This book comes at a time when the intrinsic and self-evident value of queer rights and protections, from gay marriage to hate crimes, is increasingly put in question. It assembles writings that explore the new queer vitalities within their wider context of structural violence and neglect. Moving between diverse geopolitical contexts – the US and the UK, Guatemala and Palestine, the Philippines, Iran and Israel – the chapters in this volume interrogate claims to queerness in the face(s) of death, both spectacular and everyday. Queer Necropolitics mobilises the concept of ‘necropolitics’ in order to illuminate everyday death worlds, from more expected sites such as war, torture or imperial invasion to the mundane and normalised violence of racism and gender normativity, the market, and the prison-industrial complex. Contributors here interrogate the distinction between valuable and pathological lives by attending to the symbiotic co-constitution of queer subjects folded into life, and queerly abjected racialised populations marked for death. Drawing on diverse yet complementary methodologies, including textual and visual analysis, ethnography and historiography, the authors argue that the distinction between ‘war’ and ‘peace’ dissolves in the face of the banality of death in the zones of abandonment that regularly accompany contemporary democratic regimes. The book will appeal to activist scholars and students from various social sciences and humanities, particularly those across the fields of law, cultural and media studies, gender, sexuality and intersectionality studies, race, and conflict studies, as well as those studying nationalism, colonialism, prisons and war. It should be read by all those trying to make sense of the contradictions inherent in regimes of rights, citizenship and diversity.
This second edition of the Handbook of Victims and Victimology presents a comprehensively revised and updated set of essays, bringing together internationally recognised scholars and practitioners to offer substantial research informed overviews within their specialist fields of investigation. This handbook is divided into five parts, with each part addressing a different theme within victimology: Part I offers a scene-setting exploration of new developments in the field, enduring issues that remain relatively unchanged and the gaps and traps within the contemporary victimological agenda Part II examines of the complex dimensions to victim experiences as structured by gender, age, ethnicity, sexuality and intersectionality Part III reflects on the problems and possibilities of formulating policy responses in the light of the changing appreciation of the nature and extent of victimhood Part IV focused on the value of a comparative lens and the problems and possibilities of victim policies when seen through this lens, explored along three geographical axes: Europe, Australia and Asia Part V considers other ways of thinking about who counts as a victim and what counts as victimhood and extends the boundaries of the victimological imagination outward Building on the success of the previous edition, this book provides an international focus on cutting-edge issues in the field of victimology. Including brand new chapters on intersectionality, child victims, sexuality, hate crime and crimes of the powerful, this handbook is essential reading for students and academics studying victims and victimology and an essential reference tool for those working within the victim support environment.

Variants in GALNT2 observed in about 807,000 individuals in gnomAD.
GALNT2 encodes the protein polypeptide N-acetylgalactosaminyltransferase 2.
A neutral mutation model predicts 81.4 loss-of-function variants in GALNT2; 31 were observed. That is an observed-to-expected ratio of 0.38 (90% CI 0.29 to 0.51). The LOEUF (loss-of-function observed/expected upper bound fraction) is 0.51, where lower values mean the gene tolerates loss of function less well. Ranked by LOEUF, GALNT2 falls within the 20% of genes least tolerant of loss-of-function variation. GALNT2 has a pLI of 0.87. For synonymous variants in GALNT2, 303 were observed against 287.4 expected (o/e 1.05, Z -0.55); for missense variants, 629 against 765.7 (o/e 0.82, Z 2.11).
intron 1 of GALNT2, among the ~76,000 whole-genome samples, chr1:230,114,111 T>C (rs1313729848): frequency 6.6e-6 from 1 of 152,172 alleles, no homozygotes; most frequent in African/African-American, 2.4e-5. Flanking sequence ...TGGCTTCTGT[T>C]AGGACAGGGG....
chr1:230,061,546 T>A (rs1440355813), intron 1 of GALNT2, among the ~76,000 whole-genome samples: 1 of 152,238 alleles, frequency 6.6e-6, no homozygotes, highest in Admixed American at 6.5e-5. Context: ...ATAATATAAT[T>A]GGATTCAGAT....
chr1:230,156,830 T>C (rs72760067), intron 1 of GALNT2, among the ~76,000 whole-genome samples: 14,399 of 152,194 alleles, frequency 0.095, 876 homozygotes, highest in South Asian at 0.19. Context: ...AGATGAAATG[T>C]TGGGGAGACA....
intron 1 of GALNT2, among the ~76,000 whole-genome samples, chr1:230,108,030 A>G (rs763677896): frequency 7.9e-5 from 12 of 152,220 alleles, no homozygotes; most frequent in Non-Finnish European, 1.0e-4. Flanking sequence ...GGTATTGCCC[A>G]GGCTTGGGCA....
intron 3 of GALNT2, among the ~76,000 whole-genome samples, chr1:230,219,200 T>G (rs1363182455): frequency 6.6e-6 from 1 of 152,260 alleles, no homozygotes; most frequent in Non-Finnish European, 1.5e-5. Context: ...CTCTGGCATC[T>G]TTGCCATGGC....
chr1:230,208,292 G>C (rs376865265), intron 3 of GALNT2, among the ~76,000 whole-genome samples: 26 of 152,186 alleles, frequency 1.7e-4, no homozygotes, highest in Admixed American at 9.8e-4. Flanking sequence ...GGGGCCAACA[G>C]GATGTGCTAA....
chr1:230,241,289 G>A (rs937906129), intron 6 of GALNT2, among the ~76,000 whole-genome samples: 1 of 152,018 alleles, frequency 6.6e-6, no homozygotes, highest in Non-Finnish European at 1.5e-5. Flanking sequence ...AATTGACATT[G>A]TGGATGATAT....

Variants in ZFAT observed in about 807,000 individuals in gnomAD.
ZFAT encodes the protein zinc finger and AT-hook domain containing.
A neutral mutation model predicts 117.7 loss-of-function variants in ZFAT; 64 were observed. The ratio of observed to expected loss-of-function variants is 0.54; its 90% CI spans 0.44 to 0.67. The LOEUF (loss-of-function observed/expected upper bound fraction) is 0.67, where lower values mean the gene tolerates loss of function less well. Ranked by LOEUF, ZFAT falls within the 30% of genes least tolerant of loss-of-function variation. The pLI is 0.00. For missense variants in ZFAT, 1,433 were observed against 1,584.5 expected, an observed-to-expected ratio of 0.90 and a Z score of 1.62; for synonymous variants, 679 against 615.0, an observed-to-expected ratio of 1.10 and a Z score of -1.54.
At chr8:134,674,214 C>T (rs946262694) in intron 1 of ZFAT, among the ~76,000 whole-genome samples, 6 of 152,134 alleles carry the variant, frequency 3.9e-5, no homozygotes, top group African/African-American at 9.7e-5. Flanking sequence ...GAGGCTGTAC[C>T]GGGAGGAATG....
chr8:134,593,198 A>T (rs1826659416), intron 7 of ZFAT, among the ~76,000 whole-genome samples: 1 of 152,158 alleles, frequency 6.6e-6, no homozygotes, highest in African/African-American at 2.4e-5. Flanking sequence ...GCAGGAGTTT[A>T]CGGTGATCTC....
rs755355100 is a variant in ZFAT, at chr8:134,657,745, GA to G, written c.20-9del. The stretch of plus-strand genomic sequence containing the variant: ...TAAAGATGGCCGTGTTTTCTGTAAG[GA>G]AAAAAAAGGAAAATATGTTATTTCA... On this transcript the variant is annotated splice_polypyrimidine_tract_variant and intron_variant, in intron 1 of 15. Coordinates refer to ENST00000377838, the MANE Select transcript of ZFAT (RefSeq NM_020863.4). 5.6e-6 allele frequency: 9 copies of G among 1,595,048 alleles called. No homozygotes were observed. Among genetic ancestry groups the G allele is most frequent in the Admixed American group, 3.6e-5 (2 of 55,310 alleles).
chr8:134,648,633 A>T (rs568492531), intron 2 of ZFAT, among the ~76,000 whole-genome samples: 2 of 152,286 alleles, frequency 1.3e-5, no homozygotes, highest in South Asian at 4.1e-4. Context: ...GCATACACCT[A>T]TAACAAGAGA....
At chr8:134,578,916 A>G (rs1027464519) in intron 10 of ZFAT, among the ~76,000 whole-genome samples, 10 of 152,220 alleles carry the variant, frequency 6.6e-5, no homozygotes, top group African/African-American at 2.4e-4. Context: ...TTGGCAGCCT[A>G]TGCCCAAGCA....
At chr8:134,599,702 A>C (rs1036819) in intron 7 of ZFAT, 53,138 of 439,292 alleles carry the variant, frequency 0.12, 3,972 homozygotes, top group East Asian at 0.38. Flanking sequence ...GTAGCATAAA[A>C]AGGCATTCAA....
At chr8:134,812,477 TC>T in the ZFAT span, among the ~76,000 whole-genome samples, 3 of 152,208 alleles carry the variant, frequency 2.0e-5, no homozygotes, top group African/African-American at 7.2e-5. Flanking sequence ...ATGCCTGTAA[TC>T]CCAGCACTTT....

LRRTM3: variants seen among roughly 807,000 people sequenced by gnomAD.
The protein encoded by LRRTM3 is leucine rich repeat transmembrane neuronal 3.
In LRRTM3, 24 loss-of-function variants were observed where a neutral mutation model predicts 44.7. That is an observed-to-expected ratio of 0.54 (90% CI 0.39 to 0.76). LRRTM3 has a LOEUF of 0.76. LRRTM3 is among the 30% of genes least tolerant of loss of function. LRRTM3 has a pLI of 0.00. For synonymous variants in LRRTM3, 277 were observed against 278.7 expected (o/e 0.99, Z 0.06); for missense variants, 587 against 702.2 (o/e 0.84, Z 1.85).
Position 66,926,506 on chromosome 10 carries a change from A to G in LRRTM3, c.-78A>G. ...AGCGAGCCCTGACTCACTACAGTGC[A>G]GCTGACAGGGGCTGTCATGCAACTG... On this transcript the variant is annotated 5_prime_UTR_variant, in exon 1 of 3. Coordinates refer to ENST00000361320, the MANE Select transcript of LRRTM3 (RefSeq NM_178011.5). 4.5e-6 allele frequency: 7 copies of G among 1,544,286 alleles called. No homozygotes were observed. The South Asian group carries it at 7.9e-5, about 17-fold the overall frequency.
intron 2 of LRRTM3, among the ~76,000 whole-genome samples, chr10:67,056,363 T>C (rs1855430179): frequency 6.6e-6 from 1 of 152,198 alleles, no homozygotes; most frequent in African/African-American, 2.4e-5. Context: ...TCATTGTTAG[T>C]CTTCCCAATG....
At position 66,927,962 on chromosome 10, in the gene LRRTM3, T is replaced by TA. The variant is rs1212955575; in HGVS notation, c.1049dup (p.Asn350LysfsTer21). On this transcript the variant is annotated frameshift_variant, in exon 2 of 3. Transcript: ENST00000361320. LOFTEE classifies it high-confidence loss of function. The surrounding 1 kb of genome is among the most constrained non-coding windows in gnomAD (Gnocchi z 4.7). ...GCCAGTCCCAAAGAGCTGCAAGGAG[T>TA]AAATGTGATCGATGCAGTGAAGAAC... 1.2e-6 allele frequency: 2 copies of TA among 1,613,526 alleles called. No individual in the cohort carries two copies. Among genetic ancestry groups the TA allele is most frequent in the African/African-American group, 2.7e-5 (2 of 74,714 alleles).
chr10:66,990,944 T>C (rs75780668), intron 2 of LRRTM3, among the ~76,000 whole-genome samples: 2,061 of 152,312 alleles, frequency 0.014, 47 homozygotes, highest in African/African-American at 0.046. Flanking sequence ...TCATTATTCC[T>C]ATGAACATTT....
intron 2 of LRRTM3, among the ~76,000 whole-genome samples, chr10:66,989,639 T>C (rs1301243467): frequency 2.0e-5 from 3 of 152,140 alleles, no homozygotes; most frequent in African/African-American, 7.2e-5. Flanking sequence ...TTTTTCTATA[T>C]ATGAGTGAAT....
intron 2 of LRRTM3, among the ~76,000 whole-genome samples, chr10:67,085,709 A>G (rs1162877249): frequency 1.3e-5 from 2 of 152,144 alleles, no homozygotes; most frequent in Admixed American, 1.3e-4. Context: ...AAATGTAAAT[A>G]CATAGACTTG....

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Queering Urban Justice foregrounds visions of urban justice that are critical of racial and colonial capitalism, and asks: What would it mean to map space in ways that address very real histories of displacement and erasure? What would it mean to regard Queer, Trans, Black, Indigenous, and People of Colour (QTBIPOC) as geographic subjects who model different ways of inhabiting and sharing space? The volume describes city spaces as sites where bodies are exhaustively documented while others barely register as subjects. The editors and contributors interrogate the forces that have allowed QTBIPOC to be imagined as absent from the very spaces they have long invested in. From the violent displacement of poor, disabled, racialized, and sexualized bodies from Toronto's gay village, to the erasure of queer racialized bodies in the academy, Queering Urban Justice offers new directions to all who are interested in acting on the intersections of social, racial, economic, urban, migrant, and disability justice.
CSA Sociological Abstracts abstracts and indexes the international literature in sociology and related disciplines in the social and behavioral sciences. The database provides abstracts of journal articles and citations to book reviews drawn from over 1,800+ serials publications, and also provides abstracts of books, book chapters, dissertations, and conference papers.